Academic journal article
By Zharen, Wyndylyn M. von
The American Midland Naturalist , Vol. 152, No. 2
Ultimately, Too Many Human Animals, Wildlife, Conservation, and Human Welfare: A United States and Canadian Perspective, Richard D. Taber and Neu F. Payne, Krieger Publishing Company, 2003, ISBN 1-57524-061-0
Overview.-The pervasive theme in this book is simple yet profound: Wildlife conservation is a social problem. This may seem odd coming from the mouths (and hands) of two scientists, but it is obvious that these men have had time to think extensively about the issue. The goal of the book is to articulate the impact of human cultures on the welfare of wildlife populations, beginning with the Stone Age and ending in the 21st Century, an ambitious goal, indeed. The authors, Richard Taber and Neil Payne, hold impressive credentials. Among other writings, Taber authored chapters in the first four editions of the Wildlife Society's wildlife techniques manual and has worked with numerous conservation organizations around the world. Payne has written three books on techniques of wildlife habitat improvement for wetlands and uplands in North America.
Structure and comments.-The book is divided into 14 chapters, each of which painstakingly and, on a few occasions, repetitiously, leads the reader through multiple layers of anthropogenic impacts on wildlife. When I first read the title and introduction, my reaction was something akin to, "How much more can be heaped on me?". The first two chapters did little to expel a similar feeling although I soon began to see the rationale of the book's structure and the necessity for including the diverse impacts from multiple anthropogenic Stressors.
The first chapter, "Stone Age Settlers into North America", describes the movement of big game hunters-fully equipped and experienced for the hunt-from Asia into North America with power to continue killing "beyond the power of the beasts to maintain their populations." In chapter two, "Human Wildlife Development in Eurasia: Farming and Animal Domestication," the competing interests in land-that of the hunter and the farmer-are presented. The third chapter, "Ancient Warrior-Rules," introduces a third theme, jurisdiction over wildlife. The authors describe how hunting was used as a vehicle for training for military combat and how wildlife favored by nobility was limited to the nobility, a concept that continues in varying degrees today. The fourth chapter, "Medieval Europe," discusses the role of the "waste," that uncultivated region of forest and marsh that enclosed the village fields and was under communal ownership by the village. With increases in cultivation and population, wildlife habitat diminished. Nobility came to the rescue with forest reserves serving as royal hunting grounds; and with these reserves came the poachers.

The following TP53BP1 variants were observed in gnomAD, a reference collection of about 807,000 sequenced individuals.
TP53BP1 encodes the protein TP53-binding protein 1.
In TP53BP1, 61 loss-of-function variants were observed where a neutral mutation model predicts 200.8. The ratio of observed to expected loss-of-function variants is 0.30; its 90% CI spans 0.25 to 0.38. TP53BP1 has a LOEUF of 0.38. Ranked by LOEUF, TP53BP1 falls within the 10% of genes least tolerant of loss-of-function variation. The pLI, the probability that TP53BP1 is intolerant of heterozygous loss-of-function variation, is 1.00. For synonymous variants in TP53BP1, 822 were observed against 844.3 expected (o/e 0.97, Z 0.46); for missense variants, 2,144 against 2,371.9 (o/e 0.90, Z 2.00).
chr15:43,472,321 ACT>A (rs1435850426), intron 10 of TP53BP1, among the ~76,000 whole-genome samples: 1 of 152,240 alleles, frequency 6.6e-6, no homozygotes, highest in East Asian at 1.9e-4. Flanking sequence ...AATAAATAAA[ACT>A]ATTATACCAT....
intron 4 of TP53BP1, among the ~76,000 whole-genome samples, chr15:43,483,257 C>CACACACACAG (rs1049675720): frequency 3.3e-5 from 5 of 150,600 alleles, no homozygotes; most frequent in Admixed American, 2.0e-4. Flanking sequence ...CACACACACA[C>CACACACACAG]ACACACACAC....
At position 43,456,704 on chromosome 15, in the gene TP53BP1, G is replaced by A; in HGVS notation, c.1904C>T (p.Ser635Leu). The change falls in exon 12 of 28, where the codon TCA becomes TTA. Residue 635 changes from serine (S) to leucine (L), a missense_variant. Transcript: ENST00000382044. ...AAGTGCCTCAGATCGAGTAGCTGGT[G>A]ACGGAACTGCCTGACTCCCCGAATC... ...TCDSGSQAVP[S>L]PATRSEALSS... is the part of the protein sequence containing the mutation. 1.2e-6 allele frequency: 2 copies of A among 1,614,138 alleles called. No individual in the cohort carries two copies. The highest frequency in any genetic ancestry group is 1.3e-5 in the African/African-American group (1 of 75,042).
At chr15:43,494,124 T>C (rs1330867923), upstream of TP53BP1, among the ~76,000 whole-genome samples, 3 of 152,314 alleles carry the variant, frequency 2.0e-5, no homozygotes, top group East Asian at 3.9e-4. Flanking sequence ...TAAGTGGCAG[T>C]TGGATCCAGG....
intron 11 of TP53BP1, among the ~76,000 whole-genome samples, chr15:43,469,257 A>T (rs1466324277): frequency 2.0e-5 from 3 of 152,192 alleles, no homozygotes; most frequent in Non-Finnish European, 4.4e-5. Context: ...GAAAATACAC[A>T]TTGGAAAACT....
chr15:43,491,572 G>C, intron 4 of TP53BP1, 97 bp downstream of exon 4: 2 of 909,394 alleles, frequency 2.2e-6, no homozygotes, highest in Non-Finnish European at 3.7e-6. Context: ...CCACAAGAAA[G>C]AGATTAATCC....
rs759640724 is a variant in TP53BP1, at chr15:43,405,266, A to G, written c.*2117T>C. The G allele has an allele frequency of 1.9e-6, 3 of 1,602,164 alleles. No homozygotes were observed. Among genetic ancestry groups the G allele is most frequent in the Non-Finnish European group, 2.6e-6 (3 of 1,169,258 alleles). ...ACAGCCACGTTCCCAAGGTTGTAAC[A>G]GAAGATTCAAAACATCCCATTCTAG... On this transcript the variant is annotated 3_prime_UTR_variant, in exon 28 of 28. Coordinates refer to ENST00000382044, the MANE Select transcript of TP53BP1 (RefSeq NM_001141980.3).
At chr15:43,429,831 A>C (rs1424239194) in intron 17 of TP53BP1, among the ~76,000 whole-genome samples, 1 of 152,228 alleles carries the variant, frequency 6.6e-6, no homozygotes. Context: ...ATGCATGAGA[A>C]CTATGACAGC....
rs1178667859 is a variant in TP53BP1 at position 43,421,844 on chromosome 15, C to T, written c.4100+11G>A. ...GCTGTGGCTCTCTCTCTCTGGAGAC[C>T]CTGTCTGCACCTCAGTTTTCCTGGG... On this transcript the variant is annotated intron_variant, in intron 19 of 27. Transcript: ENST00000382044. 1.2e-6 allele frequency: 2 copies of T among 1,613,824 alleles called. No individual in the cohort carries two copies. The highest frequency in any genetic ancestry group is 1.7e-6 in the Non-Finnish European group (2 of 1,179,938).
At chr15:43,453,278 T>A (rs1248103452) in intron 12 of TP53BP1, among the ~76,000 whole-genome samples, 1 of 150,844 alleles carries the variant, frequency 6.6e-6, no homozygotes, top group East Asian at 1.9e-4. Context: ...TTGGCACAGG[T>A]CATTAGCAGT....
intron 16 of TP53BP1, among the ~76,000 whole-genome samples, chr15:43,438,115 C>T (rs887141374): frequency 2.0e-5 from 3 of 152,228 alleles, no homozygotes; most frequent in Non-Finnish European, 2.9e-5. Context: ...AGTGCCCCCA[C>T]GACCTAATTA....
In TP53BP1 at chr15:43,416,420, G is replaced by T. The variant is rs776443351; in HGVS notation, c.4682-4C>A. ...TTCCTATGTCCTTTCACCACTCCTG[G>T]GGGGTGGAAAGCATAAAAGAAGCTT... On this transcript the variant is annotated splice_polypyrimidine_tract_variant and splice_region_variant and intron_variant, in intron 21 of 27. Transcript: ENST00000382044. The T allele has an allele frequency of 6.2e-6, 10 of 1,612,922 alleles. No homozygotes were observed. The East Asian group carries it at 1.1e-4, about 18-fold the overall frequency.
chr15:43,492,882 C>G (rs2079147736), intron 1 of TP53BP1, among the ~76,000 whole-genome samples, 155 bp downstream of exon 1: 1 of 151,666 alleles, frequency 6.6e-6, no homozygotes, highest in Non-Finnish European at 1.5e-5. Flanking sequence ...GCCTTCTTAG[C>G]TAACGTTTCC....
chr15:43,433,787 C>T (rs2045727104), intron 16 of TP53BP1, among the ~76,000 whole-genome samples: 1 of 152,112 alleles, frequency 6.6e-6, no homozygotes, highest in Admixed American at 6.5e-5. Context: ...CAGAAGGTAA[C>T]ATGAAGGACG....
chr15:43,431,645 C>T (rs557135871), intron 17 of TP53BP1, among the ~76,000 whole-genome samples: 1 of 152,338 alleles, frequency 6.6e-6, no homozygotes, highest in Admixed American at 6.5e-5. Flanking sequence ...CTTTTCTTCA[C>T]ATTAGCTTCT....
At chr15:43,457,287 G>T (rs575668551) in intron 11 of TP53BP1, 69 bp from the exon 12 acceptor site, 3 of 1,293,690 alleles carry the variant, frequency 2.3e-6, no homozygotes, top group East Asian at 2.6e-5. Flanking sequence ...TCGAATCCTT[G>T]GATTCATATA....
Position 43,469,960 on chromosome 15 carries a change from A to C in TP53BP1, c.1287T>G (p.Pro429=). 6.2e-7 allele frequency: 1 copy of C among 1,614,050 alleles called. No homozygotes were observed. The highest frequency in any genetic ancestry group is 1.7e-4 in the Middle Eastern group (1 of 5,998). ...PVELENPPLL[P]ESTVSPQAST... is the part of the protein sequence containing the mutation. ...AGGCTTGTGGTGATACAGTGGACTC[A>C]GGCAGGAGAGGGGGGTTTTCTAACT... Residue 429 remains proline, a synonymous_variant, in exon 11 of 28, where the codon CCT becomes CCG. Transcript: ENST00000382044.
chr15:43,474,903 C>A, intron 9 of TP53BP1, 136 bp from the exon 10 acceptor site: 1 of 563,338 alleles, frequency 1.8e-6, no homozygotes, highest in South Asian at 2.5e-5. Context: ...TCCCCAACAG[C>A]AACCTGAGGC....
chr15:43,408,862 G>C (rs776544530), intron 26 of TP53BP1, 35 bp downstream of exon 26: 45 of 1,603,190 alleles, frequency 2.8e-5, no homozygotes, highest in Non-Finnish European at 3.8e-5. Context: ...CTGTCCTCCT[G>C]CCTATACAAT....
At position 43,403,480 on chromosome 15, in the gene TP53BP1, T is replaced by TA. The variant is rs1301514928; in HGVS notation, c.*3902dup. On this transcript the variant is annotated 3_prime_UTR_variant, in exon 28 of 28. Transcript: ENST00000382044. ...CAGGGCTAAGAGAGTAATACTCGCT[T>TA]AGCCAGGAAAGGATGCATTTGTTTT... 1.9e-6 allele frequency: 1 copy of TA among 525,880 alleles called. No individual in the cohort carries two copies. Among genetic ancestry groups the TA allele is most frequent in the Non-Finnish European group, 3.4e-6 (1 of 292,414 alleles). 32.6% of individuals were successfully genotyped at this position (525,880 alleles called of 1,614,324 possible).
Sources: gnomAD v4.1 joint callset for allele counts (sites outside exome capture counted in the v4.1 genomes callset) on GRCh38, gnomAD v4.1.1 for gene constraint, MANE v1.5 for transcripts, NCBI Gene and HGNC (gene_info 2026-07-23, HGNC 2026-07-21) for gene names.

Chapters five, "European Trade and Exploration," and six, "European Trade and Settlement," focus on, among other issues, how wildlife on islands within shipping routes was decimated by prédation of animals introduced to the island either deliberately as future food sources or accidentally during stopovers and anchorages. Further, travelogues such as those of Captain Cook provided readers with the exact location and approximate abundance of heretofore unknown populations. Little wonder that I smiled when the authors finally opined: "Cook annoyed the Hawaiians and so they killed him the next year." Chapters seven, "Wildlife Conservation in the Colonial Mother Country" and eight, "Wildlife Conservation in North America," look at the beginning of a political and social agenda aimed at conserving wildlife. Wildlife laws are described within a social context that recounts for the reader the push and pull of politics and the representative opposing camps at that time, e.g., Pinchot and Muir. The second half of the book is devoted to describing formal conservation efforts on federal (United States and Canadian) and international levels, ending with the authors' call to develop a holistic approach to wildlife conservation. …